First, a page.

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Just as a side note, the Land Rover Defender can tow up to 4000kg if fitted with close coupled brakes. LRSV do an air brake system for just this purpose and I've seen an air brake converted Ifor Williams trailer before.
Most full size trucks 3/4ton+ here in the USA are rated to tow 12,000lbs (5443kg), no air brakes needed as that requires a different drivers license. Our trailer braking systems work very well without going to air brakes.

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The reason why we are still using the mechanical overrun brake on our trailers is because it's foolproof and providing it is well maintained, it will always 'just work' and it's fail safe.
As do hydraulic brakes or EVERY vehicle today wouldn't be on the road.

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It doesn't require any electrical interface with the vehicle, and the braking effort on the trailer is always proportional to that of the towing vehicle.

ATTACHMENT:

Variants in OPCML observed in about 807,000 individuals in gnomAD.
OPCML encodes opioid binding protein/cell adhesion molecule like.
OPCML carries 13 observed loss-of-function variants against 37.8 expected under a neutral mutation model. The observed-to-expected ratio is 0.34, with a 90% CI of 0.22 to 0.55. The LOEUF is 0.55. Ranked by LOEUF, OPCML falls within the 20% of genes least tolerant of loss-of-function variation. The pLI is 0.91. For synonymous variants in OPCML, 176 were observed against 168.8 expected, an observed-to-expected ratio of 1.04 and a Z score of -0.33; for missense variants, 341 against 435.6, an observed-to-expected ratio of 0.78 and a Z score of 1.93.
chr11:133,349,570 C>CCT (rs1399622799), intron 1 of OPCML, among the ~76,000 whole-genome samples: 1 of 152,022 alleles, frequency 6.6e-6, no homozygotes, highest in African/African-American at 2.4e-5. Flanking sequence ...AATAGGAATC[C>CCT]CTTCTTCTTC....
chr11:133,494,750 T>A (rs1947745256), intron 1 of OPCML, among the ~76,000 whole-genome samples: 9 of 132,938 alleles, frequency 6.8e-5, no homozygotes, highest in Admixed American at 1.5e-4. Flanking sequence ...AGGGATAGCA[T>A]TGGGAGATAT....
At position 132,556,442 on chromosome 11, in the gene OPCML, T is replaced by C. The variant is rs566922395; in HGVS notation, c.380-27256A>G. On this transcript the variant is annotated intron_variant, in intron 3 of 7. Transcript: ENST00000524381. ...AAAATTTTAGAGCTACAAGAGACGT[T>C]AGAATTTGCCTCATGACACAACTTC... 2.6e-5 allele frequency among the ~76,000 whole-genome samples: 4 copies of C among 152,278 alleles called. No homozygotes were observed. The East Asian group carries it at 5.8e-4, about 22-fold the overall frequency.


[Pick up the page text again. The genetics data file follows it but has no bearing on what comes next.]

As are hydraulic trailer brakes 100% mechanical. The trailer tongue push against the ball is what sets the pressure applied.

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Since it's purely mechanical it is not susceptible to electrical faults or failure. If you need to stop suddenly, jam the anchors on and the trailer does the same.
Hydraulic does the same, and DISK brakes just happen to do it better than drum! Ever smoked a drum brake setup? I have pushed my K2500 Suburban to the limits towing on steep winding roads, and my disk boat trailer brakes did their share of the work stopping us without overheating. Disk brakes are where it is at

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If for some reason the trailer detaches or you're in an accident and the connection between the vehicle and trailer is lost, the breakaway cable fully applies the brakes on the trailer and it comes to a stop. Very simple.
Same with hydraulic brakes. Just make sure on both setups the cable for the brakes is in good shape.
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Old 03 October 2014, 05:37   #27